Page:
Budd Davisson, Air Progress, 1983

Phantoms of the Storm

Right now it's nearly midnight and an unbelieveable driving rain beats against the glass door of my cubbyhole office. The rain sounds like the far off rumble of Ichabod Crane's nightmares.

I'm sitting here at my drafting board, laying down the lines that will soon be the convoluted assembly that Benny Howard called axles in his little racer "Pete." The drafting lamp is pulled low over the board and is the only light in the office, the other one flickered out a week ago and I haven't gotten around to fixing it. With only the one light, my office is losing the fight with the night as it forces into the room. The pounding of the rain, the thickness of the dark, the halo of light in the middle of the vellum taped to the drafting table combine to give the night a presence that is almost tangible. I'm certain I will feel the dark brushing against my legs, if I swivel quickly in my chair.

As is my ritual, a radio sits on the table spilling out the maudlin best of Nashville. Late night FM country stations sound the same everywhere. On an East Coast country station, only the accent is different and the DJ spits his tobacco during records rather than when the mike is hot. But, tonight Nashville has a phantom voice that cuts through and drowns out even Hank Jr. for a quick moment. My cheap little portable radio and its even cheaper electronics is being forced to eaves drop on busy souls passing overhead.

"Roger, center. United 236 is out of five for three."

The voice is unmistakable. It's that universal airline pilot's monotone that tells you nothing of the struggle he's going through in that malestrom that sits on top the Sparta VOR and my house. That cloying, violent being which is the storm has snared me, the VOR and an endless stream of airline pilots in a black, three-dimensional Sargasso Sea.

I'm 270 degrees and two miles from Sparta (SAX), one of the two or three primary gateways for the sleek people tubes on their way to JFK, LGA or EWR. If you come to New York from the west, you come within sight of my place.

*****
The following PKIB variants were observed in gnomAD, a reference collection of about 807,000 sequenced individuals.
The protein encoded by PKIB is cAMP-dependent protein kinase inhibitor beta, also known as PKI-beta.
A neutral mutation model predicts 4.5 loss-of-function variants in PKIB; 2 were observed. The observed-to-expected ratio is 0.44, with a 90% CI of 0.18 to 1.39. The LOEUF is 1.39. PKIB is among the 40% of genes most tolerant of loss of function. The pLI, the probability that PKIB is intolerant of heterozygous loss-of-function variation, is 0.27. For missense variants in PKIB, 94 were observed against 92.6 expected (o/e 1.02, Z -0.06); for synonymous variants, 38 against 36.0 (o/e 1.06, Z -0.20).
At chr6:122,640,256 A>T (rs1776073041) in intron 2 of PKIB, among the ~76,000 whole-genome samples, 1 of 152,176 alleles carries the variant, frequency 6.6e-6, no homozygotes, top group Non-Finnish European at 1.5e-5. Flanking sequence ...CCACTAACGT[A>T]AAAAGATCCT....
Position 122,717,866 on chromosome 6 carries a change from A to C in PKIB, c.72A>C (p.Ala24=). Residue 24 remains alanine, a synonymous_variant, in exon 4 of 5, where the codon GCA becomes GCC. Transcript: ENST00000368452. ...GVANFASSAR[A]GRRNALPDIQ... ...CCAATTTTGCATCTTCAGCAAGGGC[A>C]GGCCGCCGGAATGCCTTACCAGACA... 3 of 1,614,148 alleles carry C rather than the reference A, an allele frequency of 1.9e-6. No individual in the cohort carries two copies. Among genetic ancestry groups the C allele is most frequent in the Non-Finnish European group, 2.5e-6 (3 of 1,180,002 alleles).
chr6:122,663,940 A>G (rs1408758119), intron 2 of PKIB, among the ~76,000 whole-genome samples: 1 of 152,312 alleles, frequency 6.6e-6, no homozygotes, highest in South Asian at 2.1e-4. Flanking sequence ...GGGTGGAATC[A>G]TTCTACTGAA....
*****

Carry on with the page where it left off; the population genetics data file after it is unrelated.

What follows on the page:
But, tonight, sight doesn't exist. I imagine the cockpits above me; the panel lights are turned as bright as possible to fight the momentary blindness that floods the cockpit with each flash of lightning. The windshield is the inside surface of a solid wall of water, compressed into a gelatinous mass that engulfs the crew's world.

"Center, you might pass along the word that there is moderate turbulence in the vicinity of Sparta. Roger, my heading is 070 degrees and descending to four."

Why don't they just come out and say that it's rough as hell up there? I can see the lightning leaping from cell to cell in horizontal patterns, going for miles before it is swallowed by what looks to be the granddaddy of all cellular weather. It has been gorging with turbulence spiked with lightning all night and any minute I expect to see it explode in a ragged pattern across the Kittatiny Mountains below. It shares the sky with those phantoms who sit at the controls of Boeing and Douglas machines and practice their monotone dialogue with a voice on the ground that doesn't have the slightest appreciation for what the pilot is going through.

Behind the front bulkhead of each machine, I know what's going on:

"The captain has turned on the no smoking sign. In preparation for our
approach into Newark International Airport, please extinguish all smoking materials and make sure your seats and tray tables are in their up-right, locked position."

I pictured the stews busying themselves, shuttling down the aisles, picking up a glass full of wadded napkins here, pushing a button to raise a seat there. Little white haired ladies are stuffing their belongings back into crochetted vacuum cleaner handbags and mothers are going through the get-ready-to-meet-grandma routine with their kids.

There is little concern and virtually no fear in the cabin. After all, this is 1983 and, if it wasn't safe, the pilot and the airlines wouldn't let us be up here! Oh, yeah? Try telling that to the line of cells that makes all approaches into the New York area look like fearsome steeple chases.

Each voice that short stops Nashville for a moment has several hundred souls following along behind it. They trust the voice. They've heard it over the cabin speaker and it's calm. The voice isn't nervous. Why should they be?

I notice the last line I drew on the axle, the one between the two mounting flanges, isn't as clean as it should be and I look down at my hands. The palms glisten. I know it's empathy; there's a part of me that's upstairs in those cockpits and my hands are connected to that part. They are doing what they always do in situations like that. The sweat glands in my hands don't like heavy weather. They don't even like hearing about it and my subconscious knows that tonight is the kind that kills airplanes. Big or little, it does not make any difference. Tonight is as bad as they come and The Voices know it too. Yet, they still sound calm.

Sweating palms make no noise.

"Roger, Center. American 304 out of four for three."